My sunglasses have been sacrificed to the Gods of Rio. I don’t know if they were stolen or if I left them on a table but they are no longer in my possession. Bummed yes, but it has given me the opportunity to sport a pair of "Ray-bons" that I bought near the beach.
Portuguese is surprisingly tough. It's harder to communicate here than in Asia. English is vacant from signs, ATMs, menus, etc. An R is pronounces “hee” and a Ç is “psy” like the Korean rapper. Therefore I flew into Hee-ho de Janeiro and I have been drinking a-psy-ee (açai). It is sort of like when I went to Russia a few years ago, you think you are going to be able to understand since you recognise most of the letters, but no. It might as well be Arabic or Thai, at least then you don’t have the false hope of communication. I think those who speak Spanish have it the worst. Other than a few words the languages aren’t similar.
I knew the World Cup and the Olympics were coming to Rio but I didn’t realise that Rio hosts a driving race everyday. I’ll call it the Rio 500 but unlike Indy or Daytona only public buses compete. Driven by maniacs, to put it nicely, it is best to have a seat as the stick shift buses scream through the rues. Getting on is a debacle. Once you hail the bus; you get on, pay the fare-attendant and pass through the turnstile and make a B-line for a seat. Of course the bus has taken off again well before getting through the turnstile leaving you bouncing around like a pinball. The fare-attendant is something new. I can only assume that it is so the Danica Patrick-wannabe-drivers don’t get out of their zone by making change.
I went to a favela the other day. I had mixed feelings about going but my intention was to interview my guide on why he does it. The only stories written have been the debate whether a slum tour is tourism or exploitation. I was convinced the guide would talk to me about why he does it, but within 30 seconds of meeting he mentioned that he hates journalists because they “spread lies” after their tour. Award-winning travel article dreams crushed but I was still convinced that it would be an interesting experience.
Starting at the top and walking down to the bottom passing from the “nice” part to the darker, dirtier part. There are three gangs that control the favela in addition to the landlord. Infamous for crime, filth and drug problems, I didn’t think it was that bad. I’d been in worse. Then I rounded a corner and met the Policia, or rather their machine guns aimed through me and toward the building behind me. My guide grabbed me by my backpack picking me up like a cat by the nape of its neck and shoved me behind a wall. Tour over. We went straight down and I was told “No more photos.”
There is something wrong with me. I am in paradise and I am bummed I miss a powder day back in CO. I should get my head checked.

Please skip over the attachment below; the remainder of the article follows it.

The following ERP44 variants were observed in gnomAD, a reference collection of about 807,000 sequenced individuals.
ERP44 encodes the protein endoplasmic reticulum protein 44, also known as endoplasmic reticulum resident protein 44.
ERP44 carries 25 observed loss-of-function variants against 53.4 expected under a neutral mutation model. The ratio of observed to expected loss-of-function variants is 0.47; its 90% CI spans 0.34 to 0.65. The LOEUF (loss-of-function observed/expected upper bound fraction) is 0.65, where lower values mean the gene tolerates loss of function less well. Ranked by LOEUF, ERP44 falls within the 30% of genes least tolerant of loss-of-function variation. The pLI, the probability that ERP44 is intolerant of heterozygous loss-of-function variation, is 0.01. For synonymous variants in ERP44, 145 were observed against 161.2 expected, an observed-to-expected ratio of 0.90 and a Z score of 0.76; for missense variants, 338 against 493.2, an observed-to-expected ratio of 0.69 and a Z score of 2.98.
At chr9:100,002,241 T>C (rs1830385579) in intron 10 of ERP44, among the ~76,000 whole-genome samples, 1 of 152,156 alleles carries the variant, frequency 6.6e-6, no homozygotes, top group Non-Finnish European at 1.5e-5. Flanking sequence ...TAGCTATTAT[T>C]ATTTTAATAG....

The sidewalks in Rio are made of Portuguese pavement. A better description is black and white mosaic rock. Different beaches/neighbourhoods have different designs. I think my favorite is Copacabana. It’s a black and white wave designed by award-winning landscape architect Roberto Burle Marx.
If you bank with Chase, bring cash from the US. Brazilian banks and Chase don’t get along. This means that when you go to the ATM to get cash out your card gets spat back out. An explanation flashes across the screen but it’s in Portuguese, which might lead you to frantically flip through the money section of the language guide of your travel book to translate. At the first bank you probably won’t do this but by the time you get to bank number three, panic has set in since you only have 14 real, about seven bucks in your pocket. The message says something about a chip and card invalid.
Do not panic. Find an HSBC, someone always speaks English at HSBC. Where, if the teller is as nice as the one the other day was, will explain to you that you do have money in your account but that your bank only has agreements with HSBC and Citi in Brazil and can only access funds through their ATMs. Really Chase? You didn’t give me a problem in India or Egypt but Brazil is where you decide to hassle me.
I am what we call in America, sunburned. It was overcast the first few days I was here so yesterday when the clouds broke and the South American sun showed its brilliant face, I raced to the beach with the excitement a child on Christmas morning. SPF 50 is no defence. Even my toes are burned and I have a perfect bow outline on my back from the bikini tie. It is as well defined as a tattoo.
"I started my blog two years ago when I travelled around the world. It contains my observations, thoughts and headlines from around the world… and maybe a good story or two. Now I am a working stiff again and update it when I embark on new adventures, most recently the intoxicating Brazil."
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